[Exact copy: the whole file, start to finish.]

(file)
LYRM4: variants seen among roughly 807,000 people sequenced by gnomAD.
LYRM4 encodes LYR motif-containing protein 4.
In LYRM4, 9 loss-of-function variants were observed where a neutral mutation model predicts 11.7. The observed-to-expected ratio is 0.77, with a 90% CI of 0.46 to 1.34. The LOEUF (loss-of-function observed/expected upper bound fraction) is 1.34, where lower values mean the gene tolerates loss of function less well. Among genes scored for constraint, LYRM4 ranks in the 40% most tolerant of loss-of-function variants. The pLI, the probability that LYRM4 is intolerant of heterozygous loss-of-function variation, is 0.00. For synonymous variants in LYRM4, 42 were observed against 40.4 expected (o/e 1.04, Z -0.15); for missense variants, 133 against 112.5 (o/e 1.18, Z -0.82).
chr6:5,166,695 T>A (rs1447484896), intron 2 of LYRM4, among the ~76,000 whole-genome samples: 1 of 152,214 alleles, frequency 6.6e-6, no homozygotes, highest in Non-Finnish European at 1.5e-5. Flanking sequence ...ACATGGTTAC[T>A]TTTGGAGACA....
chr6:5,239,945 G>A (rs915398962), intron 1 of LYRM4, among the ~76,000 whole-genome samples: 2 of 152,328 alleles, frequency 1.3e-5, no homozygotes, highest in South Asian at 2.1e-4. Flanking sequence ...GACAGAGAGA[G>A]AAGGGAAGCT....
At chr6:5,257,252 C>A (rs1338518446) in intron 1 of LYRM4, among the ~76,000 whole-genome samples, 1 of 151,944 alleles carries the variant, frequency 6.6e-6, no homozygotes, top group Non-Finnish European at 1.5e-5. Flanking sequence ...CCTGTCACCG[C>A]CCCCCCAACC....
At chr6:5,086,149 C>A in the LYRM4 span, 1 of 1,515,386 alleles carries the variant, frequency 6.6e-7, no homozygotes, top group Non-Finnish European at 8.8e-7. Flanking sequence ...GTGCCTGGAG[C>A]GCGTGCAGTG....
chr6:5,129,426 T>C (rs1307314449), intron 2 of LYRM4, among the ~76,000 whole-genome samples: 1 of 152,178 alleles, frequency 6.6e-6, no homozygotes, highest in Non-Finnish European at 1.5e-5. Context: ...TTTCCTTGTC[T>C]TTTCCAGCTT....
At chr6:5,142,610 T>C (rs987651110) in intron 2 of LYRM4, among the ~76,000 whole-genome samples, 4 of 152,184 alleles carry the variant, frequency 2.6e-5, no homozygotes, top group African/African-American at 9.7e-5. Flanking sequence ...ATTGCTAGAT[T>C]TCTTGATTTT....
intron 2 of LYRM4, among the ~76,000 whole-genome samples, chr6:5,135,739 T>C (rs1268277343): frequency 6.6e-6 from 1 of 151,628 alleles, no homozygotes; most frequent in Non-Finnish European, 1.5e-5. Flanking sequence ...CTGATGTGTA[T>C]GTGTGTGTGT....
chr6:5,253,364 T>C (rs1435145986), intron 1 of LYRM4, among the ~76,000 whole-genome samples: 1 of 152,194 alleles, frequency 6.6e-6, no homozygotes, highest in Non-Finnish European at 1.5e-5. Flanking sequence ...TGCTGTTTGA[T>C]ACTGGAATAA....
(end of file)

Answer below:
LYRM4: variants seen among roughly 807,000 people sequenced by gnomAD.
LYRM4 encodes LYR motif-containing protein 4.
In LYRM4, 9 loss-of-function variants were observed where a neutral mutation model predicts 11.7. The observed-to-expected ratio is 0.77, with a 90% CI of 0.46 to 1.34. The LOEUF (loss-of-function observed/expected upper bound fraction) is 1.34, where lower values mean the gene tolerates loss of function less well. Among genes scored for constraint, LYRM4 ranks in the 40% most tolerant of loss-of-function variants. The pLI, the probability that LYRM4 is intolerant of heterozygous loss-of-function variation, is 0.00. For synonymous variants in LYRM4, 42 were observed against 40.4 expected (o/e 1.04, Z -0.15); for missense variants, 133 against 112.5 (o/e 1.18, Z -0.82).
chr6:5,166,695 T>A (rs1447484896), intron 2 of LYRM4, among the ~76,000 whole-genome samples: 1 of 152,214 alleles, frequency 6.6e-6, no homozygotes, highest in Non-Finnish European at 1.5e-5. Flanking sequence ...ACATGGTTAC[T>A]TTTGGAGACA....
chr6:5,239,945 G>A (rs915398962), intron 1 of LYRM4, among the ~76,000 whole-genome samples: 2 of 152,328 alleles, frequency 1.3e-5, no homozygotes, highest in South Asian at 2.1e-4. Flanking sequence ...GACAGAGAGA[G>A]AAGGGAAGCT....
At chr6:5,257,252 C>A (rs1338518446) in intron 1 of LYRM4, among the ~76,000 whole-genome samples, 1 of 151,944 alleles carries the variant, frequency 6.6e-6, no homozygotes, top group Non-Finnish European at 1.5e-5. Flanking sequence ...CCTGTCACCG[C>A]CCCCCCAACC....
At chr6:5,086,149 C>A in the LYRM4 span, 1 of 1,515,386 alleles carries the variant, frequency 6.6e-7, no homozygotes, top group Non-Finnish European at 8.8e-7. Flanking sequence ...GTGCCTGGAG[C>A]GCGTGCAGTG....
chr6:5,129,426 T>C (rs1307314449), intron 2 of LYRM4, among the ~76,000 whole-genome samples: 1 of 152,178 alleles, frequency 6.6e-6, no homozygotes, highest in Non-Finnish European at 1.5e-5. Context: ...TTTCCTTGTC[T>C]TTTCCAGCTT....
At chr6:5,142,610 T>C (rs987651110) in intron 2 of LYRM4, among the ~76,000 whole-genome samples, 4 of 152,184 alleles carry the variant, frequency 2.6e-5, no homozygotes, top group African/African-American at 9.7e-5. Flanking sequence ...ATTGCTAGAT[T>C]TCTTGATTTT....
intron 2 of LYRM4, among the ~76,000 whole-genome samples, chr6:5,135,739 T>C (rs1268277343): frequency 6.6e-6 from 1 of 151,628 alleles, no homozygotes; most frequent in Non-Finnish European, 1.5e-5. Flanking sequence ...CTGATGTGTA[T>C]GTGTGTGTGT....
chr6:5,253,364 T>C (rs1435145986), intron 1 of LYRM4, among the ~76,000 whole-genome samples: 1 of 152,194 alleles, frequency 6.6e-6, no homozygotes, highest in Non-Finnish European at 1.5e-5. Flanking sequence ...TGCTGTTTGA[T>C]ACTGGAATAA....